It is one of the biggest misconceptions out there; that if you are a strong, independent woman, that not only do you not need a man, you shouldn't even want one.
For certain women in positions of power, 'having' a man is proving to be a sign of weakness and for a 'die-hard feminist' to have one? Well that just seems down-right hypocritical.
Of course, in recent years the definition of feminist seems to have spiralled from what it was intended to mean. A combination of old-fashioned wankers with tiny knobs and totally terrifying women have given 'feminists' an air of authority about them that makes them totally un-relatable.
Even I, as what I would call a 'feminist' (someone that believes that there should be absolute equality of the sexes) feel unwelcome in certain circles. I feel that, because I'm not necessarily singing from the same hymn sheet, in that I'm a big supporter of Page 3 for example, I'm not actually very welcome as a feminist. In fact, I heard a girl the other day talking about how she was ashamed to be a feminist these days because, and I quote, 'too many white middle class women' are identifying as one and that made me feel very awkward indeed.
Since finding out that there was a strict quota to fill I've been scared to shout my beliefs from the roof tops, for fear that the militant feminists will find me and name me as a fraud, and one of my biggest reasonings for this is the fact that I can hand on heart admit that I need my man.
I don't need just any old one it's true, the one in question is six foot, Irish and makes me feel like a wonderful human being.
Yet by admitting this, as a woman, it slightly feels like I'm failing. Like I'm betraying my foremothers and letting the side down. I feel like, by being in a relationship in which I am totally dependent on somebody else and their love for me, I am somehow getting it wrong.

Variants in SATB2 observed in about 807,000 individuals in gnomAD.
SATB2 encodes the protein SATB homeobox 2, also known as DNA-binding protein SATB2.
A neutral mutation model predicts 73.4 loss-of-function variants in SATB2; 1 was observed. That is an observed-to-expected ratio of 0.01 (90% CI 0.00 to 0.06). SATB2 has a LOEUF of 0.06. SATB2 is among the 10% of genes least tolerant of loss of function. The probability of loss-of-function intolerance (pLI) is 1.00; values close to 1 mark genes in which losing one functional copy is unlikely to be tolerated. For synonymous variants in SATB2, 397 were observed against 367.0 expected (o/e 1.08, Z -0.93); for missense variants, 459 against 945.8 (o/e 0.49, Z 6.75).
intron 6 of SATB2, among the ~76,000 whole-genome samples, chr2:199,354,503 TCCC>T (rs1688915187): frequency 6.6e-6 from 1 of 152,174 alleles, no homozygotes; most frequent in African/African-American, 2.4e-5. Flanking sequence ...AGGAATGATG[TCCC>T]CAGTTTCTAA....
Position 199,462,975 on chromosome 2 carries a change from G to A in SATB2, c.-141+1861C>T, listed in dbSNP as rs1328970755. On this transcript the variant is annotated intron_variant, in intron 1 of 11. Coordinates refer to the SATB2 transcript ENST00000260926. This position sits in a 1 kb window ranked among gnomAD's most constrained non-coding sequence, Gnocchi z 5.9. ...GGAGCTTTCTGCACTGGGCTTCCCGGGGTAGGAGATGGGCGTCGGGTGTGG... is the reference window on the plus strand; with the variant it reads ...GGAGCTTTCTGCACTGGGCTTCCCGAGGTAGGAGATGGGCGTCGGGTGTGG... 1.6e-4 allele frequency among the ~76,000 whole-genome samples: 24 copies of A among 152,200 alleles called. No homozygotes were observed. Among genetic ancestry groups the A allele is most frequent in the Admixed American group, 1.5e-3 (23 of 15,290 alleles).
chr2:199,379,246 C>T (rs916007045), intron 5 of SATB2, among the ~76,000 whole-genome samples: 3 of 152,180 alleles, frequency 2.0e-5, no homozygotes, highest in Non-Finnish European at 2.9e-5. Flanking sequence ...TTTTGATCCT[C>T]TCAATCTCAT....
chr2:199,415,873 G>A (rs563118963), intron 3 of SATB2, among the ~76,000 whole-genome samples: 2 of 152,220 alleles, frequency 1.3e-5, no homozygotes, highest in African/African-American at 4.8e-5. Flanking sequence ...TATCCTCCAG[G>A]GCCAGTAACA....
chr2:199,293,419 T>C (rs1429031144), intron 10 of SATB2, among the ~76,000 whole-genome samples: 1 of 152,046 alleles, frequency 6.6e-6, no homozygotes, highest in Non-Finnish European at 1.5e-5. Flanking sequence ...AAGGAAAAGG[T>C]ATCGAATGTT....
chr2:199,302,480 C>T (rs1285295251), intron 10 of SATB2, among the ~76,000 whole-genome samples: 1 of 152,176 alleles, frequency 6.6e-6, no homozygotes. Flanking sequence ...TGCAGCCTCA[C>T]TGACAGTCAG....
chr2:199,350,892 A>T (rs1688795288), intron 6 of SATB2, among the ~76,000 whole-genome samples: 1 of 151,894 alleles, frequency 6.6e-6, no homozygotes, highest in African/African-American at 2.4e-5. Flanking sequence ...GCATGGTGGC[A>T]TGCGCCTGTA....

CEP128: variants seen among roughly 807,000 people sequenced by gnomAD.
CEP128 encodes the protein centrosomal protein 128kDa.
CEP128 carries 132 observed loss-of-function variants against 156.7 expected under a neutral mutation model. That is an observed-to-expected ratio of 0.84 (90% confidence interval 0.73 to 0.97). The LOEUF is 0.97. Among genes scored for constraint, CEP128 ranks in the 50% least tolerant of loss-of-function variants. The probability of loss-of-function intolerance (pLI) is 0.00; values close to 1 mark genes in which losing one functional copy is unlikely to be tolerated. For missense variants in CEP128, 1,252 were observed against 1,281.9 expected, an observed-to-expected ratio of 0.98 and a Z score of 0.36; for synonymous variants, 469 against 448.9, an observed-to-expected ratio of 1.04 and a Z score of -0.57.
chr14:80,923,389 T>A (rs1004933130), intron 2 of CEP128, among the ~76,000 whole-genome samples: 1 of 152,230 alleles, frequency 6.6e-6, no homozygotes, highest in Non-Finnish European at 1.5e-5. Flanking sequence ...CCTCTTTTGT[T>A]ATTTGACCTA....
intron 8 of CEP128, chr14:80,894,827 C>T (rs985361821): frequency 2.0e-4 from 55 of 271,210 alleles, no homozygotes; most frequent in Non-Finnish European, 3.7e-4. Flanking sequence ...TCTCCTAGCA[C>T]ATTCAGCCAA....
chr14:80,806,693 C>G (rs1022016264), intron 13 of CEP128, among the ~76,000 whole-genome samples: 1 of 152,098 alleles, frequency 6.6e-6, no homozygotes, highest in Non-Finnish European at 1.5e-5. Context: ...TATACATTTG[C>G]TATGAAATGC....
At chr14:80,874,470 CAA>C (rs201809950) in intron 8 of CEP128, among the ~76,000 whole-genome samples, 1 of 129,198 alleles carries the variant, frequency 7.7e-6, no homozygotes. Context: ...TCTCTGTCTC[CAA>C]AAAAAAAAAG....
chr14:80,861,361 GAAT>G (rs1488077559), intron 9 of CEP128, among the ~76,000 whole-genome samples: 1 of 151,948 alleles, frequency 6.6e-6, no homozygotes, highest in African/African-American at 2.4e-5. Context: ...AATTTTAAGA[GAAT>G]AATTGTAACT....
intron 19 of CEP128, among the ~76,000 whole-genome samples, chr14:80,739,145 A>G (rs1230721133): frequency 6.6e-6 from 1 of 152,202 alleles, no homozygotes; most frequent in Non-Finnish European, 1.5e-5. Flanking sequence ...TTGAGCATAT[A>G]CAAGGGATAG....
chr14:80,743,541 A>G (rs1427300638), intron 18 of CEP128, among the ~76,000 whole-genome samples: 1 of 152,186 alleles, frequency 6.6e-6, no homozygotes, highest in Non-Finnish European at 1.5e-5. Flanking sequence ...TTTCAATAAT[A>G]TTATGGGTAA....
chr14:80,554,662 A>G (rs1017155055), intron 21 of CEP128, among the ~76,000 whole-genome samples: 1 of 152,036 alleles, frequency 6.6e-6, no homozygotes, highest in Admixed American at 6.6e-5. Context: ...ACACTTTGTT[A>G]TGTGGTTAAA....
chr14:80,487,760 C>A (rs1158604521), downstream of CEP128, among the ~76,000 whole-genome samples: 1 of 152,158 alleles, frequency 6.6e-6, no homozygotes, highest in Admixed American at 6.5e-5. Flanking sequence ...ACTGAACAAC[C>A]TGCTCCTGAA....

I remember once saying to my mum that I 'needed' Alex, to which she very quickly replied that I needed no such thing, that I could want him, sure, but that I could never NEED him. Why? Because it made me weak? I don't know.
This is something that I don't understand.
Because I know so many men who absolutely, completely and utterly need the women in their lives. My boyfriend for one, he needs me to be happy, he needs me, in his words, to be complete, but does that make him weak? No, not even slightly.
So why, when all I am desperate for is equality, do I feel weak and useless for admitting to needing him?
The idea of sex, love and relationships is a concept as old as time, we NEED it for human survival. For a man to admit that he 'needs' his significant other, he is labelled brave or wonderful, but for a woman to do that? Well that makes her weak doesn't it?
It certainly feels that way. It feels as if, by admitting to needing a man, you are jumping aboard the baby bus without passing go and without collecting £200. You are now destined for a life of baby vomit, house keeping and waiting patiently at home for your husband to return from work to kiss the kids goodnight, hoping that he doesn't slip one to his secretary before he leaves.
We seem to think that by admitting to needing a man, we will wake up tomorrow in 1950 with no hope of ever returning.
But what we seem to be forgetting is that, thanks to the hard work of our foremothers, this is no longer the case. I can now do what I want with my life, totally safe in the knowledge that my other half will support me 100%. It's no longer a case of us women not being able to work and relying on our men for the money. We have the money now, and we are finally at liberty to pick the men that we love, simply because, well, we love them.
This is a truly wonderful thing and something that we need to celebrateWe need to pull our heads from the clouds and look around. This isn't the olden days anymore, there is no shame in loving and needing a man, just like they love and need us.
That, to me, is equality.
You can still be strong and independent with someone by your side, you'd do well to remember that.